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I'm coming from a talk by Hannah Arendt, where she mentions Homer as being the first to entertain the notion of "we must not forget those who fought equally as valiant as our enemies" and unbiased history generally. She also cited Schiller with "Weil des Liedes Stimmen schweigen,/ von dem überwundnen Mann..." translated "Because all songs fell silent/ singing of the defeated man..." to (apparently) give an example of a modern occurence of that thought.

Where did Homer write about this? I can't for the life of me seem to be able to even search for it, let alone find something.

  • Here is her book! Her library ended up at Bard College in NY. Lol. I'm sure this is not the only book she owned of Homer. blogs.bard.edu/arendtcollection/homer-iliad – Gordon Jan 9 '18 at 1:59
  • Probably the Iliad, esp. book 24, will yield an answer to your question, but I am not an expert on Arendt or Homer. Above I said that surely she owned more works by Homer, but I'm not sure. (I see an English and German copy of the Iliad). – Gordon Jan 9 '18 at 8:30
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In Iliad XXII Achilles slays Hector, Priam's son. In XXIII the spirit of Patroclus appeals to - pleads with - Achilles to bury the body but XXIV sees Achilles dragging the body about. Apollo intervenes with Zeus, who persuades Priam to pay a ransom for the body of Hector. Priam, now aged, needs help to make a deal; Hermes assists him over the plain. Achilles receives him graciously and accepts the ransom. Priam then returns to Troy, where Hector is mourned and buried.

The Iliad ends, then, with the defeated Hector getting equal mention to the victorious Achilles. '"This were well," she cried, "O lord of the silver bow, if you would give like honour to Hector and to Achilles'.

The following translation, even if not particularly good, by Samuel Butler provides the context (sorry, it's wordy) :

'Thus shamefully did Achilles in his fury dishonour Hector; but the blessed gods looked down in pity from heaven, and urged Mercury, slayer of Argus, to steal the body. All were of this mind save only Juno [Hera], Neptune [Poseidon], and Jove's [Zeus'] grey-eyed daughter, who persisted in the hate which they had ever borne towards Ilius with Priam and his people; for they forgave not the wrong done them by Alexandrus in disdaining the goddesses who came to him when he was in his sheep yards, and preferring her who had offered him a wanton to his ruin.

When, therefore, the morning of the twelfth day had now come, Phoebus Apollo spoke among the immortals saying, "You gods ought to be ashamed of yourselves; you are cruel and hard-hearted. Did not Hector burn you thigh-bones of heifers and of unblemished goats? And now dare you not rescue even his dead body, for his wife to look upon, with his mother and child, his father Priam, and his people, who would forthwith commit him to the flames, and give him his due funeral rites? So, then, you would all be on the side of mad Achilles, who knows neither right nor ruth? He is like some savage lion that in the pride of his great strength and daring springs upon men's flocks and gorges on them. Even so has Achilles flung aside all pity, and all that conscience which at once so greatly banes yet greatly boons him that will heed it. man may lose one far dearer than Achilles has lost- a son, it may be, or a brother born from his own mother's womb; yet when he has mourned him and wept over him he will let him bide, for it takes much sorrow to kill a man; whereas Achilles, now that he has slain noble Hector, drags him behind his chariot round the tomb of his comrade. It were better of him, and for him, that he should not do so, for brave though he be we gods may take it ill that he should vent his fury upon dead clay."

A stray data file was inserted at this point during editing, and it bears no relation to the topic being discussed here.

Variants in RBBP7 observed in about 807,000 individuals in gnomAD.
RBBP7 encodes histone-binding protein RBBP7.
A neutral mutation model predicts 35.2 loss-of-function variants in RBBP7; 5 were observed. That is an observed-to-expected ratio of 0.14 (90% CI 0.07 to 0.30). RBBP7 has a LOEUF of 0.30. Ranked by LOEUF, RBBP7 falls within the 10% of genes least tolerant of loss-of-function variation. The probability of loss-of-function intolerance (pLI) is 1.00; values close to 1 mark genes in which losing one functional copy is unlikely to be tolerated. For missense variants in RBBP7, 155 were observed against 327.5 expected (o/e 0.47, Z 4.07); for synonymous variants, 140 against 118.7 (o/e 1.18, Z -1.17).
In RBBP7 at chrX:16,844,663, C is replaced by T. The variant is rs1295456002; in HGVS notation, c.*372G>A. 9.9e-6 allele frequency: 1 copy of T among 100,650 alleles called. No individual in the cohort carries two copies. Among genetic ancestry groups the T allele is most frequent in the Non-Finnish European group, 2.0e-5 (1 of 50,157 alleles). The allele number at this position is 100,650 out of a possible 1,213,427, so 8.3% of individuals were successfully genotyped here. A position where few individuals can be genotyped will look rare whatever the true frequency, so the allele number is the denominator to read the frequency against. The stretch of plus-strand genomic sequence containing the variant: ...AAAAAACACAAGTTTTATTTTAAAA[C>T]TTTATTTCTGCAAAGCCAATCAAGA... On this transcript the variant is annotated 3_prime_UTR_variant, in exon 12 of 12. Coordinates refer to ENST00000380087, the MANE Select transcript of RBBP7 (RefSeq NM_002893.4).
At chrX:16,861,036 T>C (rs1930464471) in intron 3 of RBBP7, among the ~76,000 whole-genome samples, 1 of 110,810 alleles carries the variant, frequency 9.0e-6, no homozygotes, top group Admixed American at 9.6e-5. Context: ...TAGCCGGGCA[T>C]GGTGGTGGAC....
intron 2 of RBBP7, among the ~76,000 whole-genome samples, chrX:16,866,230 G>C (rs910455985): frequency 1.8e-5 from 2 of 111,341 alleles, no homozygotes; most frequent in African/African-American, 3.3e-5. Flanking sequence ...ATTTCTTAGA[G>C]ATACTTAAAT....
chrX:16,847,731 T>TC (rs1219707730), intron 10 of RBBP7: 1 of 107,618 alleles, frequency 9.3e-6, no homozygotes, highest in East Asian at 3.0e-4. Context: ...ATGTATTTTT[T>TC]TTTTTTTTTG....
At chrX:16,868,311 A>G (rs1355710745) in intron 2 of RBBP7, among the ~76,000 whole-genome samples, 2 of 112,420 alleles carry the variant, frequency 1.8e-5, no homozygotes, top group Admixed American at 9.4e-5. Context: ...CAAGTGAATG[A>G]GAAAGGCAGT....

Juno [Hera] spoke up in a rage. "This were well," she cried, "O lord of the silver bow, if you would give like honour to Hector and to Achilles; but Hector was mortal and suckled at a woman's breast, whereas Achilles is the offspring of a goddess whom I myself reared and brought up. I married her to Peleus, who is above measure dear to the immortals; you gods came all of you to her wedding; you feasted along with them yourself and brought your lyre- false, and fond of low company, that you have ever been."

Then said Jove [Zeus], "Juno [Hera], be not so bitter. Their honour shall not be equal, but of all that dwell in Ilius, Hector was dearest to the gods, as also to myself, for his offerings never failed me. Never was my altar stinted of its dues, nor of the drink-offerings and savour of sacrifice which we claim of right. I shall therefore permit the body of mighty Hector to be stolen; and yet this may hardly be without Achilles coming to know it, for his mother keeps night and day beside him. Let some one of you, therefore, send Thetis to me, and I will impart my counsel to her, namely that Achilles is to accept a ransom from Priam, and give up the body." '

  • I read the last chapters of the Iliad myself as you were writing this and I realized that I made a false assumption. Homer doesn't so much formulate the thought of honouring the enemy as he does honour the enemy in his works. With that knowledge, I now see that Arendt's comment that this happened "since Homer" was meant that way. – helios713 Jan 9 '18 at 12:18
  • @helios713. I think we both got there in the end. I appreciate your comment. Best - GT – Geoffrey Thomas Jan 9 '18 at 12:23

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